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5 strategies for getting in early in the customer’s buying cycle

Finding the perfect moment to engage with your customer’s buying cycle can be achieved by implementing five strategies explains Samantha Caine, Managing Director of Business Linked Teams

Many sales people will attest to the risks of encountering a customer late in the buying cycle, keenly felt in all sales environments but no more so than when the complex sale is involved.  The buyer they find will most likely have seen the competitors offering and they’ll probably have formulated their own ideas of the product or service that they want to buy based on the features of someone else’s solution.

Once in this position, it can be a major challenge for sales people to unpick what the customer already thinks they want and to change their mindset to consider alternatives that may be a much better fit for their organisation.

As the concept of ‘communicating value’ becomes more mainstream in organisations attempting to improve their conversion rate, it’s crucial to really get under the customer’s skin, to understand their problems and to prescribe a solution that will really help the customer’s business.; They can only do this effectively by being present at the right place and time.  Here are 5 top tips for getting in early in the customer’s buying process

1.          Know the customer’s buying process

Many sales people learn about their own organisation’s sales process – they know each stage in detail and how this impacts on the data that they put into the CRM and they organise their time and activity accordingly.  Unfortunately, what they fail to realise is that the customer may have a completely different approach to buying a product or service.  A fundamental activity of all sales people should be to get to know the customer’s buying process, what the trigger points are and who the key decision makers are in the process. are Only then can they work out, when they need to talk to the customer and what they need to say.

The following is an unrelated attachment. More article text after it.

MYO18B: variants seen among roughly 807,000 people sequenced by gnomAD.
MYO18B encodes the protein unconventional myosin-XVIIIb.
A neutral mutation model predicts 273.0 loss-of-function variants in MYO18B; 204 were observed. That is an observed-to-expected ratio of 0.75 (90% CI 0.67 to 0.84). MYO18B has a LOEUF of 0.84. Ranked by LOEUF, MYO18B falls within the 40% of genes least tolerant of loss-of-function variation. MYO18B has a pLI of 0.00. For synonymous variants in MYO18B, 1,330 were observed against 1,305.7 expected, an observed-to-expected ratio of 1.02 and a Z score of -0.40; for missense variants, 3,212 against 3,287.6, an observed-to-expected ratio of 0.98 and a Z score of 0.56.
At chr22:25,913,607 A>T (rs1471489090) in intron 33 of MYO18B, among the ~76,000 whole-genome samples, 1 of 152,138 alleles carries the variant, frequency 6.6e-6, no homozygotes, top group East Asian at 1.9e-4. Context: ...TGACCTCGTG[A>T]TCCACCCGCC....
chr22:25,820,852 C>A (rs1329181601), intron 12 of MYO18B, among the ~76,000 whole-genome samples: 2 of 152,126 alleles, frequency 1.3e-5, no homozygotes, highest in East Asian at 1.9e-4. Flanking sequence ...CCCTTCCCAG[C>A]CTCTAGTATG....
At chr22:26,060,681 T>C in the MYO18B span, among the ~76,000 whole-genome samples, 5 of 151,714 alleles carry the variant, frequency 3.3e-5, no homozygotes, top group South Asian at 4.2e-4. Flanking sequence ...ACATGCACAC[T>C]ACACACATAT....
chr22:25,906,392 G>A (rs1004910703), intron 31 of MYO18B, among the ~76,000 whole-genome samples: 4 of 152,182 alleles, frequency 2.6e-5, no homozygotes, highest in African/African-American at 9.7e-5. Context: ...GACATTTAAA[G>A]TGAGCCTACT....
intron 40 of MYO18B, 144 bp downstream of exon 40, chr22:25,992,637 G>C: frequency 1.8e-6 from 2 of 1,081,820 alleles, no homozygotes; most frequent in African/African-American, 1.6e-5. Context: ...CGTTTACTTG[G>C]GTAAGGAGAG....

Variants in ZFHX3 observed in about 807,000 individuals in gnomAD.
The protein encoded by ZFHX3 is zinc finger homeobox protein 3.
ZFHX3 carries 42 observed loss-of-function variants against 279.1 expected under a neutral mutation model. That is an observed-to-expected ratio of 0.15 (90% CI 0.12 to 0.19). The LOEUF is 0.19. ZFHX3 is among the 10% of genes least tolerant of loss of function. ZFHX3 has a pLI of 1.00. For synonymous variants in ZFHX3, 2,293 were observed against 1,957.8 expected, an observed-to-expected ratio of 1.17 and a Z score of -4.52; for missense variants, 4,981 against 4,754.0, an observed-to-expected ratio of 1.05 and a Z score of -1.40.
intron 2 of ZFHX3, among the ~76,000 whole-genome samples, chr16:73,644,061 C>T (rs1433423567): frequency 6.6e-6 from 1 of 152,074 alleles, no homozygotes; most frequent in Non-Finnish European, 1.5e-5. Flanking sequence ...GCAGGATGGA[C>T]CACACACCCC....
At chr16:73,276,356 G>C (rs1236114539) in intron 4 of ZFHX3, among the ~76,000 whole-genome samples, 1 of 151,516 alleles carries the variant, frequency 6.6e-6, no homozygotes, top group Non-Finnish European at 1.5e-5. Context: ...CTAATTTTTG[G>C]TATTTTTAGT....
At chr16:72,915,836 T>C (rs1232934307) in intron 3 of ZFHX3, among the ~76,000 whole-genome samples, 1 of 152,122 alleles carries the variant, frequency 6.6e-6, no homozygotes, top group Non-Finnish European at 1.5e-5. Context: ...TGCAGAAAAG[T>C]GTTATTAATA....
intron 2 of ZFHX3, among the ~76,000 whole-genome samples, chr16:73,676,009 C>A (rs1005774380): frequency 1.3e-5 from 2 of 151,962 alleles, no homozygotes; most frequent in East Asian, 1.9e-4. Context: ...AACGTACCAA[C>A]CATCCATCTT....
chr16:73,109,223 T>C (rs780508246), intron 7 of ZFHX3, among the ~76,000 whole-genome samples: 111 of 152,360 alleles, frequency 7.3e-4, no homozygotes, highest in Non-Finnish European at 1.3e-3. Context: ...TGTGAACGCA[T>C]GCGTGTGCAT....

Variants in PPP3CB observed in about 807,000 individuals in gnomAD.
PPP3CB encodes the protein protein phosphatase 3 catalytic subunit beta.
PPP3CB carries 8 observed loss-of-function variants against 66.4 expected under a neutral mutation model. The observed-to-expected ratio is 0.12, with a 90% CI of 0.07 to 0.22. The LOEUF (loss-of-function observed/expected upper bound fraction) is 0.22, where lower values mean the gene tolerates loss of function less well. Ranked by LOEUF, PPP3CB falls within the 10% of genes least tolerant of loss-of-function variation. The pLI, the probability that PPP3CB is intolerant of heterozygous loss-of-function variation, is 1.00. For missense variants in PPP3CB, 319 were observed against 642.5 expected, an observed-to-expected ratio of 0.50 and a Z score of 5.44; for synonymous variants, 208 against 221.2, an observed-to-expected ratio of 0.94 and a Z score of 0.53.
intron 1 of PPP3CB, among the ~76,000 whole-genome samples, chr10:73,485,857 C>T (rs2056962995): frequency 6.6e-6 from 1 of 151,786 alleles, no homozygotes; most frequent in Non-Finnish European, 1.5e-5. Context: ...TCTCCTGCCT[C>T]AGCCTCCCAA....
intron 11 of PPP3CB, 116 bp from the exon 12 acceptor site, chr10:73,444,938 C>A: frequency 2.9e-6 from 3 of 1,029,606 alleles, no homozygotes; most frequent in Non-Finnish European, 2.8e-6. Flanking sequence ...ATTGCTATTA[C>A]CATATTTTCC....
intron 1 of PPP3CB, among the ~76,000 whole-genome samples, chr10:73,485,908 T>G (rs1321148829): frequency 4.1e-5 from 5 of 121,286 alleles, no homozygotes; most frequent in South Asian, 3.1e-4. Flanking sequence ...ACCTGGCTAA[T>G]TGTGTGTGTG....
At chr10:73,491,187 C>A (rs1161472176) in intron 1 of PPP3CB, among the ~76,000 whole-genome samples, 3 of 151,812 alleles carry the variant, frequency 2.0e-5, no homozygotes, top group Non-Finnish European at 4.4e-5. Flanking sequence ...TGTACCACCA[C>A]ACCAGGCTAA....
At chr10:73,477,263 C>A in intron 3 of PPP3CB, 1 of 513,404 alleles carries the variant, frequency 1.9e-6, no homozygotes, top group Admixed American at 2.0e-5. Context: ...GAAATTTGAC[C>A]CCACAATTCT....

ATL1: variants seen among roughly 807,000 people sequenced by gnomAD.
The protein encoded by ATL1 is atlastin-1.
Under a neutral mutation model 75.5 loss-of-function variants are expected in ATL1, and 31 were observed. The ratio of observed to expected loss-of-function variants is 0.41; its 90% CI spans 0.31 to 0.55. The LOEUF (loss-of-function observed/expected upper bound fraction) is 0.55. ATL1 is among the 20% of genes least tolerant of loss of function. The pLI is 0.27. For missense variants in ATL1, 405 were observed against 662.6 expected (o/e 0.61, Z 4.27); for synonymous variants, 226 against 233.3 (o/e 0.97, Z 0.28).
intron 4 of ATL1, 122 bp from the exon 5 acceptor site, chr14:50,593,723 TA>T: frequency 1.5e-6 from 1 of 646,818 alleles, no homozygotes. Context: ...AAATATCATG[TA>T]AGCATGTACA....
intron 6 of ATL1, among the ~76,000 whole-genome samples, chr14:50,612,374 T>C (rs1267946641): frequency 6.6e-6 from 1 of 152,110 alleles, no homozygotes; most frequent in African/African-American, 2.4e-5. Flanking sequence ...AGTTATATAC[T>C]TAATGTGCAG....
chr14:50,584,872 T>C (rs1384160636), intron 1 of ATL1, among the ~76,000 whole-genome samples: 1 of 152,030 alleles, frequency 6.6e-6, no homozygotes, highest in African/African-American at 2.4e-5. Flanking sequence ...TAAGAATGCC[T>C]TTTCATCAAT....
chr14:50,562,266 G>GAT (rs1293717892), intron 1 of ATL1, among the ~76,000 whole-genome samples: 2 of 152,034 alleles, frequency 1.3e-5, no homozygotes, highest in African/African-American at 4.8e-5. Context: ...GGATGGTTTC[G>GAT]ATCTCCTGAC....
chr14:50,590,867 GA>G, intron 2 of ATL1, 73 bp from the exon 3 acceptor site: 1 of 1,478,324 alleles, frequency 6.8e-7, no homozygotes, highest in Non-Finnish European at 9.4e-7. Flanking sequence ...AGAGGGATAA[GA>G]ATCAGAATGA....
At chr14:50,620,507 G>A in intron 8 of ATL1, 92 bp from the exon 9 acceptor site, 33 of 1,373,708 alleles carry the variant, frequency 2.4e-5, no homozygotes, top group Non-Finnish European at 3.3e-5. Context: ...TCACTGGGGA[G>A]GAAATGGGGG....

2.          Invest time in lead nurturing

Lead nurturing is all about recognising that there are plenty of good leads that aren’t quite ready yet to convert to a sale. Its worthwhile   knowing what the sales person can do proactively during this ‘dormant’ time.  This is an important point to note because in most cases the buyer isn’t really dormant, the thinking formulated by a buyer happens even before the formal buying process has begun.  Effective sales people will be finding strategies to stay in contact, share information and showcase success stories etc. in order to make sure that the customer’s opinion and impression is developed in line with what the sales person wants to communicate.

3.          Develop product awareness

Linked to lead nurturing, another important activity is to continue to build product awareness, even when a transaction isn’t on the table.  Sales people should be working with marketing and other functions within the business to make sure that the product or service is never far from the customers mind.  This should be through obvious routes like advertising and PR but also by using tools easily available to the sales person – social media, publicising customer testimonials, sharing success stories and networking.

4.          Use questions to become a trusted advisor so you can educate the customer

The aim of getting in early is to create a situation with the customer where a two -way conversation can be had.  By asking questions about the problems or challenges that the customer faces, sales people can open up a discussion where they can share advice and alternatives and essentially collaborate with the customer to find an appropriate solution, linked to the product or service the sales person is selling.  Even if the conversations aren’t related directly to a particular sales transaction, over time, this process can build higher levels of trust which is critical in a buyer / seller relationship.

5.          Know the customer’s triggers to buy

One of the benefits of getting in early, is that it gives sales people a higher level of control in navigating and pushing the buying process forward.  If sales people ask the right questions, it will be possible for them to identify the triggers that will tip the customer into the next stage of the process and eventually into a purchase.  Sales people should actively identify these triggers and as importantly prepare their messages and approach to activate these triggers.

By upskilling your sales team to implement these five strategies you can be assured that your customers will see your organisation as a trusted advisor with people they continue to want to do business with.